…my first ever travel story was published in The Ottawa Citizen. Time flies, huh?
Archive for January, 2011
Over the course of a few weeks last year, from mid-November to late December, I read my way through David Foster Wallace’s second essay collection, Consider the Lobster — and I’ve been trying to gather my thoughts and write something coherent about it ever since. Trouble is, I was so overwhelmingly impressed by the book that I can’t seem to get beyond an initial layer of breathless fangirlism to whatever more, er, thoughtful thoughts may lie underneath.
Wallace and his writing had initially passed me by entirely. My first clear recollection of his name coincides with his 2008 suicide: co-editor Jim Benning wrote a brief obit post for the World Hum blog, and over the next few days I followed a trail of links and wondered how I’d missed hearing about the writer whose death had lit up the internet.
Over the next couple of years, I continued to see Wallace’s name pop up here and there, on World Hum and beyond; I even wrote a couple of Wallace-related blog posts myself. But apart from a few excerpts, I still had yet to sit down and give any of his work a proper read.
With “Consider the Lobster,” I’ve finally remedied that. And boy, am I glad I did.
A quick (but pretty major) update on my end: I launched a new blog this morning, Travelers North.
The aim is to offer a mixture of photos, links, personal notes and practical guidebook-style information about travel in Alaska, the Yukon and (eventually) NWT, Nunavut and beyond. I’m pretty excited about it.
The accompanying Twitter feed is here: @travnorth. Check it out!
Here’s Krakauer on his early writing efforts:
I knew that you couldn’t make a living simply writing about the outdoors, so I made an effort from the beginning of my freelance career to write about other subjects. Since I had been a carpenter, I felt like I could bullshit my way writing about architecture for Architectural Digest. I had been a commercial fisherman, so I had queried Smithsonian about a commercial fishery in Alaska, and they went for it. I queried Rolling Stone early on about firewalking, walking on hot coals, and agreed to write it on spec.
I tried writing for local Seattle magazines and found that it was just as difficult to get published locally as it was nationally and the local magazines paid literally ten percent as much, so I said fuck the local stuff. I was setting quotas that I would write ten query letters a week, and I definitely worked hard, but I got lucky. Because I wanted to pay the rent, I didn’t have any grandiose ambitions of being an artiste; I wanted to pay the fucking bills, so I worked really hard.
I realized that what I wrote for Rolling Stone had to be pretty different from Smithsonian, and I gave them whatever they wanted, I wanted to sell the article. It was useful, as a writer, to try out different voices and it was also smart, as a businessman.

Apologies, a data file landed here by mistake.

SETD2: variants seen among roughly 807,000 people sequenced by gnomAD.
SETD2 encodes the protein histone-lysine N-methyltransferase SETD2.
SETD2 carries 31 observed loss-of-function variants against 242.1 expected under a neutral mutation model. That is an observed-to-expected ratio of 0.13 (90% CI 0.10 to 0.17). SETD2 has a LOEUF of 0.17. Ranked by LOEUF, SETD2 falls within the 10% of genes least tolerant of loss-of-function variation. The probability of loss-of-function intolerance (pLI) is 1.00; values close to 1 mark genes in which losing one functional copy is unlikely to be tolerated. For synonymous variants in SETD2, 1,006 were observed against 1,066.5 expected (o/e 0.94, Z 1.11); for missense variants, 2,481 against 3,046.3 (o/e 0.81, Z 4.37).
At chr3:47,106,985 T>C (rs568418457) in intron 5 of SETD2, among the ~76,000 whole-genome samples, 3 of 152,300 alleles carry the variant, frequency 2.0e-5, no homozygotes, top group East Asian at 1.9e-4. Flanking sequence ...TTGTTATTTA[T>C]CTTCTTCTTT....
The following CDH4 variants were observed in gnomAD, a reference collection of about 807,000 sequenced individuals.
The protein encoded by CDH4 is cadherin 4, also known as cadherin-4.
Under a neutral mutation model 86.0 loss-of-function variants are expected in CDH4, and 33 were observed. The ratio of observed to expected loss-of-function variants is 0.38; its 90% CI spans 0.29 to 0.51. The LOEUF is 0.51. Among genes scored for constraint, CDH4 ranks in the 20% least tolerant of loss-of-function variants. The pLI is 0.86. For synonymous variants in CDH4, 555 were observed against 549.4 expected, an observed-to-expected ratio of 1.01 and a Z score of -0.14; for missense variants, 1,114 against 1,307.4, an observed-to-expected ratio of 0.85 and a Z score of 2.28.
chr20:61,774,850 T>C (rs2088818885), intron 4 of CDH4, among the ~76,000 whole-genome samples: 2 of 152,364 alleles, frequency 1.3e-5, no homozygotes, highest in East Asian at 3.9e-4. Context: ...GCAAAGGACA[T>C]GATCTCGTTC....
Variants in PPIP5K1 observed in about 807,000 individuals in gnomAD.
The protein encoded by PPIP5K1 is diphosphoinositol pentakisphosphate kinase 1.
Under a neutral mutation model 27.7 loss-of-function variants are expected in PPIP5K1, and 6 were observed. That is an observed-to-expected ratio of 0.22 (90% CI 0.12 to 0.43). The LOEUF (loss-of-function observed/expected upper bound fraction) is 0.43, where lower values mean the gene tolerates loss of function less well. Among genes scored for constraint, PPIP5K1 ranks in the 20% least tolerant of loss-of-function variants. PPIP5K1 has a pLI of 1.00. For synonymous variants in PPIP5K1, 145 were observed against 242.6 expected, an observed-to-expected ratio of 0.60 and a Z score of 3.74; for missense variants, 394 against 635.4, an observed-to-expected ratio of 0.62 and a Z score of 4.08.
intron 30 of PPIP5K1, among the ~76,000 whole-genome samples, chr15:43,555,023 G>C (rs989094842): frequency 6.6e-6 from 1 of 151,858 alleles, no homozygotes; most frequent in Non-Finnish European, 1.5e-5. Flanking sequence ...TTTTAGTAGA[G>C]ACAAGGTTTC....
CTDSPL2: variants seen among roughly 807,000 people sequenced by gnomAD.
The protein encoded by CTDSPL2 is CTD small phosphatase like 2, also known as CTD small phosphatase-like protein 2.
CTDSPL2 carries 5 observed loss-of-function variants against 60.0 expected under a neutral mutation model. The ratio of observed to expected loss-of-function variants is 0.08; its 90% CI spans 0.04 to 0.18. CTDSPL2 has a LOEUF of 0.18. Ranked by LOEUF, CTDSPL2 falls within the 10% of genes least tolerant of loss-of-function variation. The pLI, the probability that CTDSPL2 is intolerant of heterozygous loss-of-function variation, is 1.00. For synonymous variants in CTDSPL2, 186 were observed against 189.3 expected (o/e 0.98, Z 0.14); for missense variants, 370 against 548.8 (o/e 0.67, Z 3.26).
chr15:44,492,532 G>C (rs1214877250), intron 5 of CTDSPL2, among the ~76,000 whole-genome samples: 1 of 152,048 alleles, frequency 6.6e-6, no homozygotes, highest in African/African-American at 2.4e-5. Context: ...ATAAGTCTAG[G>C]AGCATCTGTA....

The whole thing’s worth a read – there’s also some interesting stuff about the emotional process of writing Into Thin Air, and returning to climbing, in the wake of the Everest disaster.
So instead of retracing our steps from Anchorage up the Glenn Highway and along the Tok Cut-off to the Alaska Highway, we took a last-minute detour up the Parks Highway to Fairbanks, then headed south to Tok along the Richardson Highway. It was worth the detour: We had clear views of Mt. McKinley for much of the day’s drive between Anchorage and Fairbanks.
Here’s a shot I took at our lunch stop in Talkeetna:
I’m hitting the highway first thing tomorrow morning, headed for Alaska’s biggest city and something the good folks there like to call “Beer Week.” Yeah, story research is hard, right? Stay tuned.
For a few months now — heck, for maybe a year or two — I’ve been feeling a little bit oppressed by my internet connection. Yes, it’s the way I make my living, and yes, it’s a weird and wonderful world in many ways, one that has connected me to a lot of great people. But it’s also basically a constant in my waking life. I live alone and I work from home and I don’t have a television, so a frightening percentage of my day — generally including meals and whatever down time I’ve allowed myself — takes place in front of my laptop.
I work on the internet. I do most of my recreational reading on the internet. I watch TV and movies on the internet. I look up recipes on the internet, I pay my bills on the internet. I do much of my communicating with friends and family, again, on the internet.
It’s time for a break.
So, starting tomorrow, and inspired in part by my friend Frank Bures, who instituted internet-free Mondays for himself last year, I will be going offline on Wednesdays. Not entirely, of course — at least, not right at first. I’ll allow myself a first-thing-in-the-morning and a mid-afternoon email check, on the off chance that an editor has dropped a fabulous assignment in my lap, conditional on a rapid reply. (Hey, it could happen.) But beyond that, I’ll be unplugging for the day.
Wednesdays will still be work days. I’ll read (actual books and magazines!) and write (yes, still on my laptop) and maybe head up to the archives if I’ve got any research on the go. In fact, I wouldn’t be surprised if Wednesday turns out to be my most productive day of the week. I’m looking forward to it.